See: - https://en.wikipedia.org/wiki/Lemma-psycholinguistics 161127
- https://en.wikipedia.org/wiki/Spho%E1%B9%ADa 161127

- LANGUAGE AND THOUGHT - lang-thot-indx.htm (link chk 161127)
  > Bhartṛhari's Syntax, Meaning, Sphoṭa - spho-bartri-matilal.htm (link chk 161127)
  and > Sphoṭa theory of language : a philosophical analysis - spho-cwrd-indx.htm
  " For early Buddhists (e.g., the Theravādins ) intuition is the highest source of knowledge.
  This intuition (prajā) is defined as "knowledge of things as they are in themselves
  as distinguished from what they appear to us."
  In general, the thrust of the Buddhist criticism of the Brahmanical viewpoint seems aimed
  more towards discrediting the unquestioning acceptance of a handed down tradition,
  rather than towards the rejection of śabda as having any possibility for truth bearing ".
- There many works explaining and analyzing Sphota by different authors.
  #1. A downloaded file by K K Mishra from his Bhartrihari's Theory of Spota,  p115-121
  of his Vol13art08, is in TIL HD-PDF & SD-PDF libraries
  - KKMishra-BhartrihaiSpota<> / Bkp<> (link chk 171224)
  - UnivHumanUnity-BhartrihariThSpota<> / Bkp<> (link chk 171224)
- Dictionary of Pali-derived Myanmar words (in Bur-Myan), by U Tun Myint, Univ. of Rangoon Press, 1968. - UTM-PDMD p207

Daniel Jones, (1881 1967), was the first Western phonetician to describe the vowels using a highly stylized quadrilateral. However, the vowel-space shows that the back vowels are so close to each other that, they all become mixed up in transcriptions in various languages.

Vowels are all voiced. However, since many of our words and syllables end in vowels, they have been mistaken for basic vowels even by the eminent phonetician and linguist Peter Ladefoged. He claims that Burmese has voiceless vowels, by citing basic nasals modified as {ha.hto:}.
See: http://hctv.humnet.ucla.edu/departments/linguistics/VowelsandConsonants/
vowels/chapter12/burmese.html080322

Vowels are very tricky, transcriptions of the lower back vowels may have to be changed as I become more familiar with Mon-Myan and Skt-Dev pronunciations. The table presented above is tentative.

I am finding that rhymes aka rimes are as important as the basic vowels in BEPS. The paucity of nasals in English has compounded the problem when it comes to digraphs, particularly that of ŋ (velar) which is written in regular English as <ng>.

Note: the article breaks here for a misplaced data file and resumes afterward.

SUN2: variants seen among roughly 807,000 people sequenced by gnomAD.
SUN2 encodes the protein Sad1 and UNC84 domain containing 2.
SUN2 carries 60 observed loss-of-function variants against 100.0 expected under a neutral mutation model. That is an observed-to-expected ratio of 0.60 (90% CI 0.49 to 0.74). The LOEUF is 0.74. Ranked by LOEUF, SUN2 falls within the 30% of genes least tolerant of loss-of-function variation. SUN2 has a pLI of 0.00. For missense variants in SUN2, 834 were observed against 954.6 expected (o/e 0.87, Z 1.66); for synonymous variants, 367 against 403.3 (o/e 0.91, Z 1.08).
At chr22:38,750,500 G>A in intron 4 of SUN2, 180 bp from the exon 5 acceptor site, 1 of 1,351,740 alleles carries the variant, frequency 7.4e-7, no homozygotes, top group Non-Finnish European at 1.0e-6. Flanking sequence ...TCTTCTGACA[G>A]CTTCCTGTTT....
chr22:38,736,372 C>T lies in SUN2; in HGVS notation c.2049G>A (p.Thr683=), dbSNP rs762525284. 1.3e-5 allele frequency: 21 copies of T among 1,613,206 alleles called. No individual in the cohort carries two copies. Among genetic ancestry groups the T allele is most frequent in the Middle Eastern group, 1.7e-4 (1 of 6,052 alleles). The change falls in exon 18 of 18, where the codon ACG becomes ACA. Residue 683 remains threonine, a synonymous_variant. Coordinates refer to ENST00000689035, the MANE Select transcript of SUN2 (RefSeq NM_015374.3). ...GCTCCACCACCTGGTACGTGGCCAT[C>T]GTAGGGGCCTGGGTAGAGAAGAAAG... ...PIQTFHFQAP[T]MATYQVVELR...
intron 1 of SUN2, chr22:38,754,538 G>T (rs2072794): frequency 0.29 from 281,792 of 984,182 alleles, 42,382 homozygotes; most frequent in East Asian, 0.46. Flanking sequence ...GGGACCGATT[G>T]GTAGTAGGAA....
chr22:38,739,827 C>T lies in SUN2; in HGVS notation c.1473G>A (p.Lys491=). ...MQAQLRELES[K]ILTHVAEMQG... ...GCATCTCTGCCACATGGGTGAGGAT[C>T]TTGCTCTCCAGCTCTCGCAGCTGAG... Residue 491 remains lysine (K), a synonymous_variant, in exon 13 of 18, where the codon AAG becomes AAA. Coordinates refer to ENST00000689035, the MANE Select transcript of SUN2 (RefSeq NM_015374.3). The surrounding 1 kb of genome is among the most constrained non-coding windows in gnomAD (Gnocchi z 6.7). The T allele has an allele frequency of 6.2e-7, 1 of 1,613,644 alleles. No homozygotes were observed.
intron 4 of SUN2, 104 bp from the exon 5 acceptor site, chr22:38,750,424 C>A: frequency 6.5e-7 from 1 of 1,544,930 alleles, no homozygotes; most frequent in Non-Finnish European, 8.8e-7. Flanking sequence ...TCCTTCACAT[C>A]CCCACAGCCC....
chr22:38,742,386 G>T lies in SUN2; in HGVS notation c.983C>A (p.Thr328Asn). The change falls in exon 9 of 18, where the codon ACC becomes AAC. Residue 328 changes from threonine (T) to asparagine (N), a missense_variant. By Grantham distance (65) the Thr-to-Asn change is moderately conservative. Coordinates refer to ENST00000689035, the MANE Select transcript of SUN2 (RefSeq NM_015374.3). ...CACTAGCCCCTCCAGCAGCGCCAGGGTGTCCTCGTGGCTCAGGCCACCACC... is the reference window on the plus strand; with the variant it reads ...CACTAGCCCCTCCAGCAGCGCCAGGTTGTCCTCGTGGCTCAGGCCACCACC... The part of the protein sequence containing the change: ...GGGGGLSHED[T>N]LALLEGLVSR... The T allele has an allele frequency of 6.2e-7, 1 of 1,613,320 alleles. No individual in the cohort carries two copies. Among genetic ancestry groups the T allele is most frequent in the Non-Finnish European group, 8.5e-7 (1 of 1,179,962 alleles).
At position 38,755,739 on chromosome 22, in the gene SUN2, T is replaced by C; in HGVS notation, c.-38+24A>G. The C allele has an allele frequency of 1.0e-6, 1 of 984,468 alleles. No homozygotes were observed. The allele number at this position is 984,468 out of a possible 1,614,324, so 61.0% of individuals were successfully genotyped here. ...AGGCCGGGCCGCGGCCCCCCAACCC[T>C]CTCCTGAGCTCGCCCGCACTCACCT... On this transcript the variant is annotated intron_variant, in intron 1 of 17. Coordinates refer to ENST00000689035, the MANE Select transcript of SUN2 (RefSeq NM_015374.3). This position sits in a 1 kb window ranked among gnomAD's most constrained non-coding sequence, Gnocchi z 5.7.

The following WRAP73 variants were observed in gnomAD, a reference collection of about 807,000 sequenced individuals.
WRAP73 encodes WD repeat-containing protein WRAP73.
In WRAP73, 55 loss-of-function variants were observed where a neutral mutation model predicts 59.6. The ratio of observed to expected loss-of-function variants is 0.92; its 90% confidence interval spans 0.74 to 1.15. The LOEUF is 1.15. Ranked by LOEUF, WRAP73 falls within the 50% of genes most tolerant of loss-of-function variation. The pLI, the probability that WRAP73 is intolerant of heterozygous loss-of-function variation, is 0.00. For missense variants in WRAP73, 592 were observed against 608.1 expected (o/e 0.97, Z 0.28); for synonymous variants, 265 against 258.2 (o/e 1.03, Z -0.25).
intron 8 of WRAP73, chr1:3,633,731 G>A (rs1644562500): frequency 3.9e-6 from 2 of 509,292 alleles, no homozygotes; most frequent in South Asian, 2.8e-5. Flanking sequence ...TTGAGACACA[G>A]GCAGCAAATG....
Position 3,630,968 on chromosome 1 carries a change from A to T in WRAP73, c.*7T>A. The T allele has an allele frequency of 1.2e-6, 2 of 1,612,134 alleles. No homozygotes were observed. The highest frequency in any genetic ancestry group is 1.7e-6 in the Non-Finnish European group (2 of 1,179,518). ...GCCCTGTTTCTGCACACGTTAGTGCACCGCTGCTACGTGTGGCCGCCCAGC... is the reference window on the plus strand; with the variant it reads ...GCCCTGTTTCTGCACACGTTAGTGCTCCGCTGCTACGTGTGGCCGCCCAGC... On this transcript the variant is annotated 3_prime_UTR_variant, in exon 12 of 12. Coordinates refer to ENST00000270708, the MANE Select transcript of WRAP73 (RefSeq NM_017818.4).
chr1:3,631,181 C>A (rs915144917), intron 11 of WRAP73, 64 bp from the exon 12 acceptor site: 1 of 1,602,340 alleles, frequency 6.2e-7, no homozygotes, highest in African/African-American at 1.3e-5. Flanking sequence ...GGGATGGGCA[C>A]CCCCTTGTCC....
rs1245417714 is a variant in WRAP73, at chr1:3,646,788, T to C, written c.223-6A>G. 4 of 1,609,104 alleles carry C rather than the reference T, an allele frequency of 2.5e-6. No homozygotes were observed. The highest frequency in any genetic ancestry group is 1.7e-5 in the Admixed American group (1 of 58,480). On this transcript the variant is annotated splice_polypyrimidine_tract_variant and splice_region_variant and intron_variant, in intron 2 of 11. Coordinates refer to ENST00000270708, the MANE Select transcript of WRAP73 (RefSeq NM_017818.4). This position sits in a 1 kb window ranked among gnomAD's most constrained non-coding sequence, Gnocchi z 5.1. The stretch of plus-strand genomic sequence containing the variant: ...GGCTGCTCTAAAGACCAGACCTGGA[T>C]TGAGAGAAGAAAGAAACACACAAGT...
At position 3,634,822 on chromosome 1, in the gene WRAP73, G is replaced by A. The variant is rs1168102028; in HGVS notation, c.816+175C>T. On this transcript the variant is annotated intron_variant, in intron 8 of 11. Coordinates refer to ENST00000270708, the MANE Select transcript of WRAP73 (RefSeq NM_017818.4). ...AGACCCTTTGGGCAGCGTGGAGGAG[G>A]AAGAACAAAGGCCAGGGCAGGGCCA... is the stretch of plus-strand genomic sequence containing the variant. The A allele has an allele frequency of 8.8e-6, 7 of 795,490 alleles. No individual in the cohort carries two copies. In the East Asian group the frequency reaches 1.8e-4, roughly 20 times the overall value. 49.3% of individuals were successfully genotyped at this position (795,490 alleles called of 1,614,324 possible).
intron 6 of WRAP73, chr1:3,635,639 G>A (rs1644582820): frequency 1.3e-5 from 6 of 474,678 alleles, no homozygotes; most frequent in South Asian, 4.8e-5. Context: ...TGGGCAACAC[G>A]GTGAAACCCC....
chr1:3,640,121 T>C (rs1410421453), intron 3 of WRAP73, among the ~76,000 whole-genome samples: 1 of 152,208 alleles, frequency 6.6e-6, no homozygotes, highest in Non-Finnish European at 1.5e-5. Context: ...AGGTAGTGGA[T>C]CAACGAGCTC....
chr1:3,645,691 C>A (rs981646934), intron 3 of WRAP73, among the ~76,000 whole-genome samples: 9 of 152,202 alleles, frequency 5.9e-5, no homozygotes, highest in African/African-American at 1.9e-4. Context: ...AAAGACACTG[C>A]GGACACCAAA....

To get around this problem, I have been trying to give both the nuclear vowel and coda as a combination. The following is my attempt which may have to be modified as my work progresses. I am finding that -- supported by Pegu accent of Mon-Myan which has two kinds of intrinsic vowels, e.g. /ka./, /hka./, /k/, /hk/, /gn/ -- that the velar r1c5 is represented as {gna.}-onset (non-nasal), and {ng}-coda (nasal). The coda {ng} is the killed r1c5, and there can be 3, with differing vowel durations: {ng.} (1 eye-blnk}, {ng} (2 blnk), and {ng:} (2 blnk + emphasis).

Contents of this page

Romabama (Burmese speech in Latin script) is compatible with ASCII (American Standard Code for Info Interchange), and is suitable for writing emails & on the Internet. Myanmar fonts are not used, and individual words are sculpted according to a Lakkwak
- (bk-cndl) PIX > lakkwak.gif (link chk 180224)
(a 50% sized is reproduced in section on Mon-Myan - a Myanmar language.

A second Lakkwak that I would need for my research is on Magadhi-Asokan - the Old Magadhi - Buddha's mother-tongue.
(a 50% sized is reproduced in section on Pali-Myan - Pali grammars, and dictionaries

 Keep in mind the color code: red, green, brown, and black as default. It will help you to pronounce the Bur-Myan and Pal-Myan words. However, Mon language belonging to a different linguistic group, the Austro-Asiatic, cannot be pronounced from Romabama. Secondly, being in need a Glossary of a one-to-one Burmese-to-English terms for my BEPS in Romabama, I have to define my own terms as given on the right. Please note that these terms are not approved by Myanmar Language Commission (MLC), and I may have to redefine and extend them whenever the need arise.

 

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End of TIL file